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Be the Kind of Person Who Makes Their Own Bread With These Tools

Pros from Sullivan Street Bakery, L’Artusi, Maydan, and more share their personal recommendations

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So you wanna make a loaf like this...
Sullivan Street Bakery

Do you dream of Tartine country loaves? Is your Instagram feed crowded with crumbshots? Does the word “mother” conjure up images of blooming yeast? Then perhaps you are one of the many people who have taken up bread baking as a hobby. With so many excellent bread bakeries and bread making cookbooks out there, it’s never been a better time to be a loaf enthusiast.

So we reached out to some of the best bread makers in the country to round up their personal favorite tools and tips to get that elusive perfect crumb — depending, of course, on what recipe or type of bread you want.

A good Dutch oven

If you’re a bread nerd, then you’re probably familiar with the famous no-knead bread recipe (which requires zero specialized techniques or ingredients) from Jim Lahey of Sullivan Street Bakery in New York. The most “vital” tool for pulling off the recipe, Lahey insists, is the Staub 5.5 Quart Round Cocotte. “It can withstand and also maintain and very hot temperature” thanks to its heavier weight, he says — something very few everyday Dutch ovens can do.

A couche for proofing

Proofing is one of the most temperamental parts of making bread. A couche, which helps to both shape the dough and eliminate any outer moisture, can help. Wendy Scherer, head bread baker at Seattle’s celebrated Dahlia Bakery, swears by the couches from TMB Baking. “It’s a close-woven linen canvas, strong enough to be used daily and scraped clean, but flexible enough to be manipulated around the proofing loaves,” she says. It’s the perfect tool to have on hand for bread-making beginners still developing their own instincts around dough.

Linen couche for bread

A Silpat

Are you still using parchment paper to make your bread? Switch to the sturdier, more environmentally friendly option, the Silpat — a non-stick baking sheet liner made of silicone that obviates the need for parchment or cooking spray, says Belinda Leong of San Francisco’s B. Patisserie. She uses it for breads along with other delicate pastries like kouign-amann.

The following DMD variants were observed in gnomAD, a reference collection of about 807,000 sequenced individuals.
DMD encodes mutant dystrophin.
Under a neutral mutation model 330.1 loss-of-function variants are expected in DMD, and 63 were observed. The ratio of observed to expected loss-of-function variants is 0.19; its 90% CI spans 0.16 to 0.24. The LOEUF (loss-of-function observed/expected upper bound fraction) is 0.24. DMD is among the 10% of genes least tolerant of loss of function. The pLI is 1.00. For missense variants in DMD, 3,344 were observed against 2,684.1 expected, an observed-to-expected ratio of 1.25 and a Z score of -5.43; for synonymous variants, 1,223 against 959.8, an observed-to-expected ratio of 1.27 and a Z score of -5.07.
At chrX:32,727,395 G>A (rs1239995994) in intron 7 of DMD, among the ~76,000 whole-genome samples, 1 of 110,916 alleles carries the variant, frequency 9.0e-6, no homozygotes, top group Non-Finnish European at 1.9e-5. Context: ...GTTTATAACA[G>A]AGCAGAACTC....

Silpat silicon cookie sheet

A digital scale

Bread making can be unpredictable, but measuring doesn’t have to be. For Laurel Almerinda and Zoe Nathan of the Santa Monica bakery Milo + Olive, one of the few ways to ensure your loaf stays consistent between batches is a scale. They’ve tried a few different brands, and their favorite is the OHaus Valor 2000, because it is “durable and flour-proof,” Almerinda says, while still being super precise (albeit rather pricey).

OhausH Valor 2000 digital scale

A cube-shaped mold for small batches

At New York’s Spot Dessert Bar, pastry chef DaJeong Kim is always dreaming up creatives cakes and breads flavored with matcha, Oreos, yuzu, and the like. Because she’s constantly testing recipes in small batches, she swears by this Gobel Cube Bread Nonstick Loaf Mold. The size is ideal for doing mini tests, she says, and the bread looks awfully cute when you take it out. “When I make them for friends, they all ask me about the pan,” she says. “It traveled with me from Korea when I moved to New York.” Plus, she’s been using the pan for eight years, and it has never gotten misshapen or rusted.

Gobel cube no-stick bread mold

A simple timer

There are many fancy, expensive bread-making tools out there. But Claudia Kemmet-Cooper, who runs the German bakery Guglhupf in Durham, says the key to bread making success is having a trusty timer. Her go-to is the Polder Digital Kitchen Timer. Why? Because it’s refreshingly straightforward. “It’s got big buttons, it’s easy to use, it’s plenty loud without being obnoxious, and it’s inexpensive,” she says.

Digital timer

Sturdy heat-resistant gloves

The bread oven at Maydan, the Middle Eastern hotspot in D.C., can get up to 1,000 degrees Fahrenheit. That’s why co-executive chef Gerald Addison needs these Wood & Pellet Stove Parts Heat Resistant Grill Gloves to pull pitas out when they’re done cooking. Your oven may not get nearly as hot, but Addison insists that these are a much better bet for bread making than oven mitts — not only great for high temperatures, but because of the grip and the fingers, “they give us the dexterity to move about.”

A sturdy, half sheet cooling rack

According to Jessica Craig, the pastry chef at L’Artusi in New York, few things are more important for maintaining that pleasant, crackled shell of a freshly baked loaf than a cooling rack. Her favorite is this half sheet nonstick cooling rack from Sur La Table, as it’s “professional grade, durable, and lightweight,” she says. The half sheet is the ideal size, she adds, because it fits on most home kitchen sheet trays. The $12 price tag is pretty appealing as well.

cooling rack

A really good (possibly expensive) bread knife

Jason Raducha of the famed Phoenix bakery Noble Bread swears by the Japan-made knives at The Knife House, which has shops in Phoenix and Portland and takes orders over the phone (but not online, currently). There are multiple knife styles, but the idea is that they are each tailored to your needs. “It is amazing for slicing soft breads to huge crusty country loaves,” says Raducha of his Knife House bread knife. “We tested dozens of knives, and this holds the edge better than most and has the versatility.” It’s not just great for bread — it cuts tomatoes and roast meats beautifully, too. Must visit store or call or email to order.